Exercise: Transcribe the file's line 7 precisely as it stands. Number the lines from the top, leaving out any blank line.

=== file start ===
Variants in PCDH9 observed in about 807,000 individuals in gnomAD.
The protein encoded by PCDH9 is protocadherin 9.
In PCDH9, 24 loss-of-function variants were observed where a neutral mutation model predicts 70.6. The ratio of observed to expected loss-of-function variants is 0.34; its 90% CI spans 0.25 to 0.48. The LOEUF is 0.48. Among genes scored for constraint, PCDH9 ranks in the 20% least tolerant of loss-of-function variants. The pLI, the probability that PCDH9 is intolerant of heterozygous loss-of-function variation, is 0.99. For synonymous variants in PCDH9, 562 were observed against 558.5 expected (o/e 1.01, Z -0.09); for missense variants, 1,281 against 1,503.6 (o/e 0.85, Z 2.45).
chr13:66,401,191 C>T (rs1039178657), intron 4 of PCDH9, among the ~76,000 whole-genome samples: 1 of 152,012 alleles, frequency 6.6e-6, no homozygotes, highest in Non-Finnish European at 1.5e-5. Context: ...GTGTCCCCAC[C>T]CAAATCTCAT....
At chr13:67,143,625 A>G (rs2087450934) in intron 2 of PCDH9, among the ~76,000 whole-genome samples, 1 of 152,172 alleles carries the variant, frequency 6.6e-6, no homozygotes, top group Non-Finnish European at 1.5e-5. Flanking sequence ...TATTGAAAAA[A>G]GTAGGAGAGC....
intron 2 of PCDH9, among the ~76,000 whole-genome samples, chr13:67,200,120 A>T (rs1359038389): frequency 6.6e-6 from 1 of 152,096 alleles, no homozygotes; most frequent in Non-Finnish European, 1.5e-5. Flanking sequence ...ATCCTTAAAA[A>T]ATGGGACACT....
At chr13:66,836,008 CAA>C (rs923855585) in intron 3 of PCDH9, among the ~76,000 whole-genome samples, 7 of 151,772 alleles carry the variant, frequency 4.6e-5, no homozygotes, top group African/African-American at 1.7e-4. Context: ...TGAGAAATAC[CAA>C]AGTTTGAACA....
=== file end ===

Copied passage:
At chr13:66,836,008 CAA>C (rs923855585) in intron 3 of PCDH9, among the ~76,000 whole-genome samples, 7 of 151,772 alleles carry the variant, frequency 4.6e-5, no homozygotes, top group African/African-American at 1.7e-4. Context: ...TGAGAAATAC[CAA>C]AGTTTGAACA....